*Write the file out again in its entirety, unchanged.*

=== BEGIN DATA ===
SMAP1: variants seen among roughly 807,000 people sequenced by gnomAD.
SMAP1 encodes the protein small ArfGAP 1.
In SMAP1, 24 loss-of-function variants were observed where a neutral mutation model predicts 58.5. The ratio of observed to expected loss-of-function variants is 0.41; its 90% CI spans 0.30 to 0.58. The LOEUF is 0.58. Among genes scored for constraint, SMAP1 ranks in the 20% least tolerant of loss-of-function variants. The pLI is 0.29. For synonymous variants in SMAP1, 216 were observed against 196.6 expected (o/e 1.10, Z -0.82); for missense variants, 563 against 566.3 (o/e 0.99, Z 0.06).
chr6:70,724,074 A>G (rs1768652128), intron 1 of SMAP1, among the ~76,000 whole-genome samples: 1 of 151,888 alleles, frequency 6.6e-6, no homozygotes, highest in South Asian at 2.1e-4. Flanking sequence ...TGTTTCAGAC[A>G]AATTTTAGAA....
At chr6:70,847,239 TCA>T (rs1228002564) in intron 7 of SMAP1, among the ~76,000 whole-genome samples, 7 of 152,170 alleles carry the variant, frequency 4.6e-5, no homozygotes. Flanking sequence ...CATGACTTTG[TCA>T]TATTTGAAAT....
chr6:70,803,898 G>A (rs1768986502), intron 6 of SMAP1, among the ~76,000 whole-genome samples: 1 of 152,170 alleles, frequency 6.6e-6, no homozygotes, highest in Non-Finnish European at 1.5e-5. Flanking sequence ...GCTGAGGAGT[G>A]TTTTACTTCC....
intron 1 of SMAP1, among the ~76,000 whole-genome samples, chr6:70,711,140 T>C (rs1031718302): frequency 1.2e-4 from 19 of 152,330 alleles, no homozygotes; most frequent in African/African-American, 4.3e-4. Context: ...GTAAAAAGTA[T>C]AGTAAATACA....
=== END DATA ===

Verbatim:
SMAP1: variants seen among roughly 807,000 people sequenced by gnomAD.
SMAP1 encodes the protein small ArfGAP 1.
In SMAP1, 24 loss-of-function variants were observed where a neutral mutation model predicts 58.5. The ratio of observed to expected loss-of-function variants is 0.41; its 90% CI spans 0.30 to 0.58. The LOEUF is 0.58. Among genes scored for constraint, SMAP1 ranks in the 20% least tolerant of loss-of-function variants. The pLI is 0.29. For synonymous variants in SMAP1, 216 were observed against 196.6 expected (o/e 1.10, Z -0.82); for missense variants, 563 against 566.3 (o/e 0.99, Z 0.06).
chr6:70,724,074 A>G (rs1768652128), intron 1 of SMAP1, among the ~76,000 whole-genome samples: 1 of 151,888 alleles, frequency 6.6e-6, no homozygotes, highest in South Asian at 2.1e-4. Flanking sequence ...TGTTTCAGAC[A>G]AATTTTAGAA....
At chr6:70,847,239 TCA>T (rs1228002564) in intron 7 of SMAP1, among the ~76,000 whole-genome samples, 7 of 152,170 alleles carry the variant, frequency 4.6e-5, no homozygotes. Flanking sequence ...CATGACTTTG[TCA>T]TATTTGAAAT....
chr6:70,803,898 G>A (rs1768986502), intron 6 of SMAP1, among the ~76,000 whole-genome samples: 1 of 152,170 alleles, frequency 6.6e-6, no homozygotes, highest in Non-Finnish European at 1.5e-5. Flanking sequence ...GCTGAGGAGT[G>A]TTTTACTTCC....
intron 1 of SMAP1, among the ~76,000 whole-genome samples, chr6:70,711,140 T>C (rs1031718302): frequency 1.2e-4 from 19 of 152,330 alleles, no homozygotes; most frequent in African/African-American, 4.3e-4. Context: ...GTAAAAAGTA[T>C]AGTAAATACA....